Mag By Craig Gabriel
WILLIAMS SISTERS IN AUSSIE OPEN FINAL
There is only one thing you can do with regards the Williams sisters and that I to marvel at them. How they find the desire to never say die. How they find the dedication to keep going. It is absolutely incredible. They are two of a kind and more than likely this sport will never see their like again.
Venus and Serena defy the odds and continue to do it all their way and to heck with what anyone else says and things. Two black women playing tennis breaking and setting records and creating milestones.
Their achievement in reaching the final of the Australian Open together for the first time since 2003 and the first at any major since Wimbledon 2009, is remarkable. Legendary figures like Althea Gibson and Arthur Ashe started to break down the barriers but the sisters are role models and yet again have brought attention to tennis.
“What I will say about sport, I think why people love sport so much, is because you see everything in a line,” Venus said. “In that moment there is no do-over, there's no retake, there is no voice-over. It's triumph and disaster witnessed in real-time. This is why people live and die for sport, because you can't fake it. You can't. It's either you do it or you don't.
“People relate to the champion. They also relate to the person also who didn't win because we all have those moments in our life. Is it an athlete's job to inspire? Inherently what I think athletes do at a top level inspires people, but each person takes that responsibility differently.”
For many years they were a permanent fixture together but both began to suffer physical issues. Serena almost dying after surgeries and Venus being diagnosed with Sjogren’s Syndrome and both at various times were off the tour for lengthy periods. That domination they had together dwindled but then Serena began sailing on her own as the titles fell her way and the ranking records piled up.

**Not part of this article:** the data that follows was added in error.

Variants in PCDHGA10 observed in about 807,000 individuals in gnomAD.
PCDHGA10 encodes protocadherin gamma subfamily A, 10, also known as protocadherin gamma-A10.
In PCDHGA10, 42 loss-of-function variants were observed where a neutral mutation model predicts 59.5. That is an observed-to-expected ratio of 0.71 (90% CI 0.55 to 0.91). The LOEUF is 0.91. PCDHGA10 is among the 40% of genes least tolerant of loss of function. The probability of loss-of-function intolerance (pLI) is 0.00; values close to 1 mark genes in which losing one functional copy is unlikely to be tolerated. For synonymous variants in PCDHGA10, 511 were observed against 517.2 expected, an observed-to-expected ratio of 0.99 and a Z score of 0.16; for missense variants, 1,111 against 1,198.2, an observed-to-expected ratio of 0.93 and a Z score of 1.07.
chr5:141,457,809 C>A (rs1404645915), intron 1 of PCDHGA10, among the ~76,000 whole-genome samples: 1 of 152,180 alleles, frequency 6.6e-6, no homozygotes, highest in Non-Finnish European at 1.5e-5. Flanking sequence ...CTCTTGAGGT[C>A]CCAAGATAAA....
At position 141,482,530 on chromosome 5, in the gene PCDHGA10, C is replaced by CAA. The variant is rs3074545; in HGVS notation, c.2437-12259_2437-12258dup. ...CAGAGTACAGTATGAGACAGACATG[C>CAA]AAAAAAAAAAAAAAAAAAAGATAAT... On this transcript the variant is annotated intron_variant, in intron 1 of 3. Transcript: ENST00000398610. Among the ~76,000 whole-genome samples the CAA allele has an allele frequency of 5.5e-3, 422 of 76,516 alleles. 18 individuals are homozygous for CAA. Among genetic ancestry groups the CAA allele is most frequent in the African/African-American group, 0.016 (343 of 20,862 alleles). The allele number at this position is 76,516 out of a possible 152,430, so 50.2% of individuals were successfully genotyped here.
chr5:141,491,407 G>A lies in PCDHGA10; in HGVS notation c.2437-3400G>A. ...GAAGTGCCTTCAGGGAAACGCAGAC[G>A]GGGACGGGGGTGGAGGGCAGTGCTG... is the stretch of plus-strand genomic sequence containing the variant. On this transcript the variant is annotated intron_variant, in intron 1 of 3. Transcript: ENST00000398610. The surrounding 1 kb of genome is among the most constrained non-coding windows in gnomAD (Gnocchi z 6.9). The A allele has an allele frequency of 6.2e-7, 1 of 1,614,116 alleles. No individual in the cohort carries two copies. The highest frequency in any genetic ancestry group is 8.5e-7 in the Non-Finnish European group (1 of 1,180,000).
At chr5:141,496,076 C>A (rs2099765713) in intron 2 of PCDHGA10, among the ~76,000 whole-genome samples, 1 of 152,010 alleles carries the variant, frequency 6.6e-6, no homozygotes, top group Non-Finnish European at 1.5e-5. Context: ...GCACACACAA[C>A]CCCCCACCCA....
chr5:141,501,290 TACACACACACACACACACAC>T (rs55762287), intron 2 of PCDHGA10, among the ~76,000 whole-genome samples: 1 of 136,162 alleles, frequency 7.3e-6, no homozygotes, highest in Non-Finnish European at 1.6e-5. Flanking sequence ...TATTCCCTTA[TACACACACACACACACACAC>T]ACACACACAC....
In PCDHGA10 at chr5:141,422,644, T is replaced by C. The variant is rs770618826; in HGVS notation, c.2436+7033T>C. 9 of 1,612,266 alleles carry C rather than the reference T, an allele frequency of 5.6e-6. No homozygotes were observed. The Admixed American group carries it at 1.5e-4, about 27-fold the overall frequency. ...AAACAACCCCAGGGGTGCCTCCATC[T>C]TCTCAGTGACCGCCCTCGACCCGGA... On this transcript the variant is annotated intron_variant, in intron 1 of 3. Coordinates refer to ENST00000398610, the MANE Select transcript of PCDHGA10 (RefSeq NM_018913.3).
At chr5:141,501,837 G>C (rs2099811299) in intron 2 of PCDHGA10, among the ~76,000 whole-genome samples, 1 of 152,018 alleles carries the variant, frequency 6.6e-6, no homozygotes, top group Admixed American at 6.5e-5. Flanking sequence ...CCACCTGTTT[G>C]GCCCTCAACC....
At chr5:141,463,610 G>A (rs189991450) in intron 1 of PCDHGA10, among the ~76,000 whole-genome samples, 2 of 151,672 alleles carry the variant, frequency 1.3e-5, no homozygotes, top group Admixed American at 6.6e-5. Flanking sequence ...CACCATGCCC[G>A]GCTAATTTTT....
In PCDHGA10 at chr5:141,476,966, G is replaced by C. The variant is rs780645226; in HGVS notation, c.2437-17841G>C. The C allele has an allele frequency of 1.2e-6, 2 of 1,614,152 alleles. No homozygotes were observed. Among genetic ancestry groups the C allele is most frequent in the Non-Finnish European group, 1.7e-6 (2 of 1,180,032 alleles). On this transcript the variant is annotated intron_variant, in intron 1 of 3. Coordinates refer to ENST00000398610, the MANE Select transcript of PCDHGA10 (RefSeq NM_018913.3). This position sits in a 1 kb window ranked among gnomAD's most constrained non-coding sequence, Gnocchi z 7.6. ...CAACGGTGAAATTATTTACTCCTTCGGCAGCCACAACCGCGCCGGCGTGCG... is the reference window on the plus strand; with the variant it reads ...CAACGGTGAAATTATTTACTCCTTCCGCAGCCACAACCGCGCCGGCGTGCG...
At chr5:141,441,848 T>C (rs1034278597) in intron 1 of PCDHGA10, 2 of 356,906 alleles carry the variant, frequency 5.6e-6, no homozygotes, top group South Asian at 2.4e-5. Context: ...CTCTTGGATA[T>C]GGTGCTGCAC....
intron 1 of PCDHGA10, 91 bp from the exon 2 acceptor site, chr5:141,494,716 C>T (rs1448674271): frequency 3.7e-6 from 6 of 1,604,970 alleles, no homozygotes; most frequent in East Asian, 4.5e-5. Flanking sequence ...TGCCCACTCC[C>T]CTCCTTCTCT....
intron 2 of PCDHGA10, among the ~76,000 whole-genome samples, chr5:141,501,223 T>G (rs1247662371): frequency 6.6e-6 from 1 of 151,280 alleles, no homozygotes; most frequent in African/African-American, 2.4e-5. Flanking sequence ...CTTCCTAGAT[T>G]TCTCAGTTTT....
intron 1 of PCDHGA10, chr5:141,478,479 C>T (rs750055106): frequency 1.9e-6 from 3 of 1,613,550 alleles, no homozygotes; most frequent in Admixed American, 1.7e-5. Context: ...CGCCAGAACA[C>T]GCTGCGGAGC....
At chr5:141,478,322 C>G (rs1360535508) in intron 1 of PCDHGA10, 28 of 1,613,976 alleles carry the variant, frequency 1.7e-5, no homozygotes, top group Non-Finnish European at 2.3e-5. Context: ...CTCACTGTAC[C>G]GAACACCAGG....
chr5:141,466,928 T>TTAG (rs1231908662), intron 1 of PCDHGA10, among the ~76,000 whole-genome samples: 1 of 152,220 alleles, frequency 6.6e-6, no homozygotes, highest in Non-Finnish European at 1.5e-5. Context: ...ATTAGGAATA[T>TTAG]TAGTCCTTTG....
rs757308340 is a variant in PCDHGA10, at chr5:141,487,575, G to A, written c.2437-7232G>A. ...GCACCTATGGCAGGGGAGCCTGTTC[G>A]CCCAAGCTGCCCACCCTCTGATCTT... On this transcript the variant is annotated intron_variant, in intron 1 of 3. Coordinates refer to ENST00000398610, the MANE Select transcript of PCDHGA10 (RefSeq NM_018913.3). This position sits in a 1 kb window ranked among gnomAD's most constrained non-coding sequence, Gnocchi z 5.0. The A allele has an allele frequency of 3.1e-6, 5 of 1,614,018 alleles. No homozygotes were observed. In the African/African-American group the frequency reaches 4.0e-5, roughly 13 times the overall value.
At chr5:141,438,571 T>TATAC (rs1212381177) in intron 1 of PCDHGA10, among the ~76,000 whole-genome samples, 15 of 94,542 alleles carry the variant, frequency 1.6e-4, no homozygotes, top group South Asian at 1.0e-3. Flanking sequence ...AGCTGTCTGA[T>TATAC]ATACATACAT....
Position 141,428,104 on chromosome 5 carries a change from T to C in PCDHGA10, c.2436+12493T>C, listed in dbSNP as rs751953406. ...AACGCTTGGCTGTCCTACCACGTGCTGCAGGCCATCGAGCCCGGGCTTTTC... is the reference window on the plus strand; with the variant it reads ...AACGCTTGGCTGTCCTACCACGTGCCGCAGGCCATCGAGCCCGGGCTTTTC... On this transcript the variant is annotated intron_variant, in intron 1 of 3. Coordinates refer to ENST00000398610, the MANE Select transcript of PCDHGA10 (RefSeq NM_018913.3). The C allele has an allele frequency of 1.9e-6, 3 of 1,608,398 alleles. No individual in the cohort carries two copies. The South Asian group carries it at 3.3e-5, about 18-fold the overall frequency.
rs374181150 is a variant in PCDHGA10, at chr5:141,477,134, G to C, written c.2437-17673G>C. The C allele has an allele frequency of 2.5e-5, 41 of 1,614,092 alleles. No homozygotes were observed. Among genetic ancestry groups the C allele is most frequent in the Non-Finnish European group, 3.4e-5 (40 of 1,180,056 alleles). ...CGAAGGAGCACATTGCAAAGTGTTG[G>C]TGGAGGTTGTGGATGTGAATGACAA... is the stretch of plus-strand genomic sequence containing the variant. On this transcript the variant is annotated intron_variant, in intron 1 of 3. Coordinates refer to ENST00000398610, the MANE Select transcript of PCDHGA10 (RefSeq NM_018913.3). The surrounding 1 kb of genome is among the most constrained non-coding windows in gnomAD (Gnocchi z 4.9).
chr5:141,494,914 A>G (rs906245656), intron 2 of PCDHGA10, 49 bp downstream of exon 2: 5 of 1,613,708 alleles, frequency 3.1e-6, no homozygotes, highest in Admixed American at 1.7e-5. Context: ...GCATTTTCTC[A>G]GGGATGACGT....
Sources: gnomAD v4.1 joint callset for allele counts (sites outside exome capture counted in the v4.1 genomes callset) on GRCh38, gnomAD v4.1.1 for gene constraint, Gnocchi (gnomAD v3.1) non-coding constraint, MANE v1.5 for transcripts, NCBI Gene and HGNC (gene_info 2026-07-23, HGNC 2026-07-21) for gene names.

On Australia Day the past was rekindled once more. Venus was first to move into the final by defeating Coco Vandeweghe 6-7, 6-2, 6-3 then Serena wept past Mirjana Lucic-Baroni 6-2, 6-1. It was like old times.
The post-match celebration on court by Venus was special in itself. When Vandeweghe sent the ball long, Venus dropped her racquet and began dancing and jumping and pirouetting. The song “Happy” by Pharrell Williams would have bene the perfect backdrop for her excitement; she was like a child in a candy store. By contract Serena was a bit more sedate, she raised her arms in victory and her face beamed.
“I just feel like it's been a while,” Serena said. “This probably is the moment of our careers so far. For me, I can definitely say for me. I never lost hope of us being able to play each other in a final, although it was hard because we're usually on the same side of the draw. Whenever we're on the opposite side, I always definitely feel a lot better.”
For Serena reaching this final is her 29th at the majors as she tries to break the tie she has with Graf on 22.
“I'm really proud of myself here. I feel like a lot of people were kind of writing me off, but it is what it is. I do best when I'm that underdog, I guess,” Serena said.
It will be the 28th meeting between then with Serena leading 16-11 – the first match was the second round of the Australian Open in 1998. Venus won that time, the last meeting was at the 2015 US Open and that time it was Serena who won.